The US war on Afghanistan is over. Syria is the new project

Published: August 31, 2013
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The American public, in a latest poll, has voted against any intervention in Syria. 53% say that they are against US military intervention in Syria. PHOTO: AFP

“He has proven instead only his contempt for the United Nations and for all his pledges. By breaking every pledge, by his deceptions and by his cruelties….”

You might be thinking that this is an excerpt from an Obama press conference citing the reasons for a strike against Bashar al Assad’s Syria. Yet, these words were spoken by George W Bush at the United Nations on 13 September 2002, and the above quote ends with…,

“Saddam Hussein has made the case against himself.”

Some things never change.

With the UN weapons inspectors pulling out of Syria with the “possible” evidence of chemical attacks, it seems that the US is hell bent on attacking Syria and “punishing the country for using chemical weapons”. It must be noted that the weapons inspectors would only have evidence concerning the occurrence of chemical attack and not who did it. This leaves the field open for the US to assert its “moral authority” to attack Syria based on its own “reliable” intelligence. The possible US attack on Syria would again throw the region into geopolitical turmoil the likes of which can only be matched by the Iraq invasion disaster.

But the US is not alone. France –fresh and confident from its adventures in Mali and Libya- is ready to assist the US in “punishing” Syria for using chemical weapons. The UK’s parliament has thankfully voted against any intervention.

The American public, in a latest poll, has voted against any intervention in Syria. 53% say that they are against US military intervention in Syria, though it must be acknowledged that the numbers were higher in the previous week (60%).  Even the officers in the US military have doubts regarding the wisdom of attacking Syria when they are already coping with the economic and military battering that the US has received from both Iraq and Afghanistan. The Iranian and Hezbollah threat is always present. Thus, the case against any intervention in Syria is strong.

So why is the American administration hell-bent on engaging in another military adventure which nearly everyone thinks will probably end like another Afghanistan?

The answer can be sought in the preparations that the jihadis in Syria are making for the coming American strike. Many jihadist organisations are shifting bases, evacuating headquarters, moving equipment and even finding safe hiding places in the mountainous terrains. They think that the coming US attack would also be aimed at jihadist organisations that control vast swathes of land in the northern and eastern provinces of Syria. In a statement, the jihadi outfit Fatehul Islam has said that,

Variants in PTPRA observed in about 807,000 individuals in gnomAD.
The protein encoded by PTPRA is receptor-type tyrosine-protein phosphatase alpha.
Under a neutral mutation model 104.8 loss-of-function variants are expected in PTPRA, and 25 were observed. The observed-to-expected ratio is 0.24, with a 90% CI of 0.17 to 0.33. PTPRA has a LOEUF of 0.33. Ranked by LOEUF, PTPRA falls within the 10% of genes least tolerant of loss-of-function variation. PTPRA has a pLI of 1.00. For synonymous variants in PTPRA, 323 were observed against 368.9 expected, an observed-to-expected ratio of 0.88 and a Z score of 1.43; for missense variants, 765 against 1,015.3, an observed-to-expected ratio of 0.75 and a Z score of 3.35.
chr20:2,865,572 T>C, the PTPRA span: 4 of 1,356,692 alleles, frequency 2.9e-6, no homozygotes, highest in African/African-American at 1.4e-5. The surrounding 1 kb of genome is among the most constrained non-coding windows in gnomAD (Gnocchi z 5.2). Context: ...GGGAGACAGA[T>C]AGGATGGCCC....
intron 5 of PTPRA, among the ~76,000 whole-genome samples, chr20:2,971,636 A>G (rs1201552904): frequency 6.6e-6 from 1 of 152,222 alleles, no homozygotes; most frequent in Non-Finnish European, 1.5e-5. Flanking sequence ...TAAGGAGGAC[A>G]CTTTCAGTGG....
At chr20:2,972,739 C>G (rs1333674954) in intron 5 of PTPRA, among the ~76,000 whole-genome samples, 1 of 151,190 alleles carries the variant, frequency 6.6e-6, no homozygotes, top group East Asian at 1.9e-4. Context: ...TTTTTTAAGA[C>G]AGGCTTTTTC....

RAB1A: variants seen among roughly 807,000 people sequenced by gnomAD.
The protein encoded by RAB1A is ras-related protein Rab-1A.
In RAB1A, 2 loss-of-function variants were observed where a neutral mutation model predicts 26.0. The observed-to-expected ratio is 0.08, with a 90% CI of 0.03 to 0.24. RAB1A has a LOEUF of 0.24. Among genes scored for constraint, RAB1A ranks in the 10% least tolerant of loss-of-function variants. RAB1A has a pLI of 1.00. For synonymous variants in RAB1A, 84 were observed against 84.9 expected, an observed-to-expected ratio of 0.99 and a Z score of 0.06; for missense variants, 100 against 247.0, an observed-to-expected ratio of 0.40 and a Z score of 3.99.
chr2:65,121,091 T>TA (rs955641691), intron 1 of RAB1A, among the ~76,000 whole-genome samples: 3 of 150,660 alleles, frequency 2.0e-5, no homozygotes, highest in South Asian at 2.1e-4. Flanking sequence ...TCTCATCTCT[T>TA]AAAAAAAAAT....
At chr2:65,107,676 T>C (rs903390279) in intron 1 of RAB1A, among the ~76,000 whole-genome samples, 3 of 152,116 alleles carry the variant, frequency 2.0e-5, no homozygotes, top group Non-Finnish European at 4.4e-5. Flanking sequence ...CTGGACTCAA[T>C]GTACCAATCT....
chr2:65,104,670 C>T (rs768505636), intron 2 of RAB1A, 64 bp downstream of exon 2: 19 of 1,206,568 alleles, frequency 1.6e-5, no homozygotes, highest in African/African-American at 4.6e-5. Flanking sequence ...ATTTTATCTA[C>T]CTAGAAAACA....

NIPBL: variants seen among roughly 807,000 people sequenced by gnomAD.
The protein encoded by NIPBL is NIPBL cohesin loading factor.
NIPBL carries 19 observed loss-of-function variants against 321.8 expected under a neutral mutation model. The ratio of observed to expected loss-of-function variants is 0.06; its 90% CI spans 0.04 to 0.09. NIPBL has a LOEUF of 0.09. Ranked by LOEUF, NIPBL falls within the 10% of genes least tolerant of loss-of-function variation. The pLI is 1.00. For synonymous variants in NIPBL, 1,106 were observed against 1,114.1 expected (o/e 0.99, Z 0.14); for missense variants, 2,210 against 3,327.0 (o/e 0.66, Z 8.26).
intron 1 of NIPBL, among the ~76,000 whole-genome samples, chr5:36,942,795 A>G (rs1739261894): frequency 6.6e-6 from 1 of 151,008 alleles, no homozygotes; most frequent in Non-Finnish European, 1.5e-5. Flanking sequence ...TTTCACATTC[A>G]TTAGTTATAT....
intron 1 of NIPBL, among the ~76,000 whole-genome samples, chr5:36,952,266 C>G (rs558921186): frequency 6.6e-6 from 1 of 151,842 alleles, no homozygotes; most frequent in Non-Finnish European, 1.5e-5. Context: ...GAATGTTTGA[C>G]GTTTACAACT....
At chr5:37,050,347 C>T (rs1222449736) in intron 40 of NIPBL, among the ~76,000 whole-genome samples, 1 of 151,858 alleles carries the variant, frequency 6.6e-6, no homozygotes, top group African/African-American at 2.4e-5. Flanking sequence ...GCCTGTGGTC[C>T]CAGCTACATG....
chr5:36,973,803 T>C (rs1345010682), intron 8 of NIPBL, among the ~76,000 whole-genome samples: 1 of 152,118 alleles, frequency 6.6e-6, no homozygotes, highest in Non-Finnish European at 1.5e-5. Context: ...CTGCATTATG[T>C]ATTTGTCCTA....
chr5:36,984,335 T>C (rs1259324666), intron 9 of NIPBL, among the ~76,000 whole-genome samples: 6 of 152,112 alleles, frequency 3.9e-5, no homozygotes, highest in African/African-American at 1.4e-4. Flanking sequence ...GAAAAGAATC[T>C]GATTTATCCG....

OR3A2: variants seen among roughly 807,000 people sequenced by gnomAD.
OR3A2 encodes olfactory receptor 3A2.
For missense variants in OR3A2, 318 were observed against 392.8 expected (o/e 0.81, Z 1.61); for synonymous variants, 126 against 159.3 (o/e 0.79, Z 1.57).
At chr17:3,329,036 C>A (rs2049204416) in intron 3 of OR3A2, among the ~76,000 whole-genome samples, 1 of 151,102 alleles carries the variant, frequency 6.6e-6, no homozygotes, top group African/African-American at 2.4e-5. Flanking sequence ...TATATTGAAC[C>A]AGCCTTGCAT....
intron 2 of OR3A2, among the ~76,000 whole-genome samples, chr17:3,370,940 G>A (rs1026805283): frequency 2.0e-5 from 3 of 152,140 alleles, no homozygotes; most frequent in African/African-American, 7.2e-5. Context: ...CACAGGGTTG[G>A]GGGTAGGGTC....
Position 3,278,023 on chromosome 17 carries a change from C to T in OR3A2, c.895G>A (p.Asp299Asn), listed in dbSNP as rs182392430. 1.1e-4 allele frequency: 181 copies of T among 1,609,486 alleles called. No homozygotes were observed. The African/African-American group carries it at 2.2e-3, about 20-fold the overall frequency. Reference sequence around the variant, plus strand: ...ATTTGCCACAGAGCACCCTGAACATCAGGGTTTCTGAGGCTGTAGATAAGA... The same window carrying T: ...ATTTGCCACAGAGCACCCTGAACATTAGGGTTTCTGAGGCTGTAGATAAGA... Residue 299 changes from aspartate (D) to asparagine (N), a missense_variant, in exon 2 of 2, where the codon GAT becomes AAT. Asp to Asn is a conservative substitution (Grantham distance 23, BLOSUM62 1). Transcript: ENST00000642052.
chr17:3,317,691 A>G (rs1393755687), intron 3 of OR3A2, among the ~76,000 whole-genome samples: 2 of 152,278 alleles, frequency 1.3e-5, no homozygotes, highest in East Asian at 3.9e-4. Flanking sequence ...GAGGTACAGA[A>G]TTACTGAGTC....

“For every US missile that hits a regime target, another will strike a jihadi base.”

The bread and butter of any standard jihadi outfit depends on how well it fights and speaks against US hegemony. This might be a heaven sent opportunity for the jihadis to entangle the US in another war.

It must be asked that who will benefit if the US destroys President Assad’s military strike capability.

The only winner in that case would be Jabahat-al-Nusra and other jihadi outfits who have travelled all across the world to take part in the war. Indeed, it is now becoming increasingly evident that if President Assad falls and when the Syrian civil war is over and done with, Jabahat al Nusra would eventually fall out with Free Syria Army (FSA) (endorsed by the US and NATO and is the official rebel army in Syria) and with seasoned fighters coming from Iraq and other neighbouring battlefields, it would eventually succeed in stopping the FSA from gaining further power and quite possibly open the way for bringing the Syrian war into Iraq against the Shiite government over there, led by Nouri Al Maliki. The Syrian war would spill all over the middle-east and the chemical weapons that Assad allegedly possesses might fall into very wrong hands.

This might be reason as to why the US wants to have a presence in Syria; to stop the jihadists from gaining any further control and chemical attacks were only an excuse. Other than that, we only have the “USA has a moral duty” explanations, and no one in the post-World War II history has ever bought that.

The US might find itself caught in a bear trap that it laid for the Soviets.

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Jamaluddin

Jamaluddin

A student of Information Systems Management at Latrobe University, Melbourne. He tweets @Einsjam (twitter.com/Einsjam)

The views expressed by the writer and the reader comments do not necessarily reflect the views and policies of The Express Tribune.